Canadian Geographic articles
The Grizzly Bear
By A.M. Pearson
Written in 1972, A.M. Pearson’s article on the grizzly bear shines with his fascination for the great omnivore of North America.
The grizzly is a purely North American term, and this bear belongs to the brown bear family, which has members in Russia and Japan, among others. More interesting than this, there are delineations between geographic populations of the bear on this continent, called ecotypes (they’re not genetically separated enough to be called separate species). This allows the bear to be separated into six different populations, including the northern interior grizzly, most famous for its large size (up to 544 kg!).
Tracing the seasonal habits of bears, Pearson describes the grizzly as an omnivorous creature, living off of scavenged berries and other edible plants as well as small animals during the summer and sleeping for the winter. Females, while hibernating, give birth to their cubs. With great attention to detail, the full life cycle and habits of the grizzly are supplemented with pictures of the author and summer students measuring weights, tagging and tracking the bears.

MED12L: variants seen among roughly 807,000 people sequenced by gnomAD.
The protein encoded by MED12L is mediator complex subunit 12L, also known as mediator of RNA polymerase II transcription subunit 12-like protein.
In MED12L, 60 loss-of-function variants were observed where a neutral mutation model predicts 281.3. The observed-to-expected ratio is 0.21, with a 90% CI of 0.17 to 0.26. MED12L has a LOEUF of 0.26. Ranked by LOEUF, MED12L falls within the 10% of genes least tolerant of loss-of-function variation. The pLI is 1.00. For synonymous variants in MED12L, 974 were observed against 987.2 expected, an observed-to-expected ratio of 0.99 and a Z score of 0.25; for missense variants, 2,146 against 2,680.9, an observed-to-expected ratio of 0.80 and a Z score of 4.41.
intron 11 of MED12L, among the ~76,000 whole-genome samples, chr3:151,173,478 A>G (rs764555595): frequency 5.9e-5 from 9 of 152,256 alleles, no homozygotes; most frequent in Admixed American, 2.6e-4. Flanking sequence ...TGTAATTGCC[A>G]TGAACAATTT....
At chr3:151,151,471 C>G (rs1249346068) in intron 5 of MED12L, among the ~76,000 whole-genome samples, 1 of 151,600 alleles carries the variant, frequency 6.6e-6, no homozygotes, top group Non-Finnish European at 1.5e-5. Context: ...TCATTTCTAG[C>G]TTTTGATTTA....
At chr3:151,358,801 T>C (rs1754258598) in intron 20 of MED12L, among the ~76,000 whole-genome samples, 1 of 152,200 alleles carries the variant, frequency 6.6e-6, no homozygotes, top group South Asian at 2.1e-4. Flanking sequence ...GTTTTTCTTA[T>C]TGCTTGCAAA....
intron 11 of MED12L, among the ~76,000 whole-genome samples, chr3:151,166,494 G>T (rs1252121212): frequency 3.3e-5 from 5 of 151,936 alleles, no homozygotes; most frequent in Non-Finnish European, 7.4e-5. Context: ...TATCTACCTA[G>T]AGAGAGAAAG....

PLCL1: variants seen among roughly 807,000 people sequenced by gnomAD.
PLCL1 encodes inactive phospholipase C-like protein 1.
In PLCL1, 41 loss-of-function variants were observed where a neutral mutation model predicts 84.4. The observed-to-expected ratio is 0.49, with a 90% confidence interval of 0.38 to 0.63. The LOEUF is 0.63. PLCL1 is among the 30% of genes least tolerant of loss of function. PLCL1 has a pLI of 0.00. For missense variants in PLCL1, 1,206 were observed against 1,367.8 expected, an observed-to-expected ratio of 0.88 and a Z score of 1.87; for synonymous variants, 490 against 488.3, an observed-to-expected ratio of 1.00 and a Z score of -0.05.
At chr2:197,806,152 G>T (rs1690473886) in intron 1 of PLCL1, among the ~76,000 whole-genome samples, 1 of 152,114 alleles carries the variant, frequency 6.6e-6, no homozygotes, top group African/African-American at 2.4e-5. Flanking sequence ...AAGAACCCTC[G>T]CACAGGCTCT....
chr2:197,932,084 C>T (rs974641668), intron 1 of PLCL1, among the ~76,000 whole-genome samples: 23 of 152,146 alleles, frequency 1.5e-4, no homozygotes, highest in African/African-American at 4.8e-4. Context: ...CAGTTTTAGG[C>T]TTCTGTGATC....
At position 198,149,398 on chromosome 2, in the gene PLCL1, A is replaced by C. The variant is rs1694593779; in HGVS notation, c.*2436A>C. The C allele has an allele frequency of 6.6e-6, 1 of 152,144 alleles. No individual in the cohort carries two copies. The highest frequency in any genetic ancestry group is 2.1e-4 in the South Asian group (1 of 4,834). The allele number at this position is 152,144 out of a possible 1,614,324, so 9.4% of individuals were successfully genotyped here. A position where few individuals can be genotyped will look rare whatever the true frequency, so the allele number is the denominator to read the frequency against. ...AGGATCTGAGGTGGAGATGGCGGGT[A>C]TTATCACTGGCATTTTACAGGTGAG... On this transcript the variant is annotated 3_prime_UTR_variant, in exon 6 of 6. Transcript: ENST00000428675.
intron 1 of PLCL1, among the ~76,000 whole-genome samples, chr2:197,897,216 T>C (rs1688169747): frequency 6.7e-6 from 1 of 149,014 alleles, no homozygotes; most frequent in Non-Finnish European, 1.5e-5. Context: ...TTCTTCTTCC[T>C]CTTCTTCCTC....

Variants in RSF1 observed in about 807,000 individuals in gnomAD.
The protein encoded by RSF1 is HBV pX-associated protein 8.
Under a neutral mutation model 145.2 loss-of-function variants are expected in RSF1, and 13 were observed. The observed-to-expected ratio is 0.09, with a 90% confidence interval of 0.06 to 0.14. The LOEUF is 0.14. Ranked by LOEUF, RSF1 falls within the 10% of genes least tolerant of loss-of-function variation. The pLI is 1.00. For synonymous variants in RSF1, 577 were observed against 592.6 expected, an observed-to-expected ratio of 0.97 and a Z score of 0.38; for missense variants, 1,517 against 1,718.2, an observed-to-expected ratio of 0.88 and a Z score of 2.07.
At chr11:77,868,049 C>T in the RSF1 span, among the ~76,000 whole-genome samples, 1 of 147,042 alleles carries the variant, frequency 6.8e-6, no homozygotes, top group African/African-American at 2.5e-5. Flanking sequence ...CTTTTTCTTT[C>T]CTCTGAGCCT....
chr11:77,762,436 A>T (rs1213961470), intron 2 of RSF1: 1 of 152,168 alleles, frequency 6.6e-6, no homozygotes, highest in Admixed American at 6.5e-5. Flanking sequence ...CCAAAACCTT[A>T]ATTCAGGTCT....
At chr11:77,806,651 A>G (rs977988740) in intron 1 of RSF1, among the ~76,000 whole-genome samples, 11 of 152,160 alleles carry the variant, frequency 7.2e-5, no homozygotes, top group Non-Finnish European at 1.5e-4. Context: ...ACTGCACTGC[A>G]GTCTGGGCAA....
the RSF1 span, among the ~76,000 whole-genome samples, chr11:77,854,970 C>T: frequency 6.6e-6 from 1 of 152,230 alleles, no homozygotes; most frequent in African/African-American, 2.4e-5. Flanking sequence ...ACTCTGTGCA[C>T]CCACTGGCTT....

Scientific in nature, the article’s overall aim is to demystify the grizzly as a fearsome beast. Pearson’s curiosity allows him to show the bears as great creatures of North America, our last living megafauna on this continent. His concern for the future of the bears is voiced at the end of the article and, though written over thirty years ago, has great relevance today.
Hungry as a bear
By Stephen J. Krasemann
Focussing on the fall feast of grizzlies on the salmon of the Fishing Branch tributary, Stephen J. Krasemann writes about his experiences while photographing the annual convergence of up to 50 bears on a tributary.
Located near the Arctic Circle, Fishing Branch (which eventually joins two other tributaries to form Porcupine River) is inundated with spawning salmon every fall that swim up from the Pacific Ocean. Fortunately, the bears have figured this out, and just before they go down for their long winter nap, they enjoy a pre-hibernation meal of fish.
This is not to say they are the only animals that benefit from the salmon, either. The writer describes watching wolves, bald eagles, martens and other carnivores fish in the tributary as well.
The article is supplemented with beautiful pictures of the bears, birds and the landscape.
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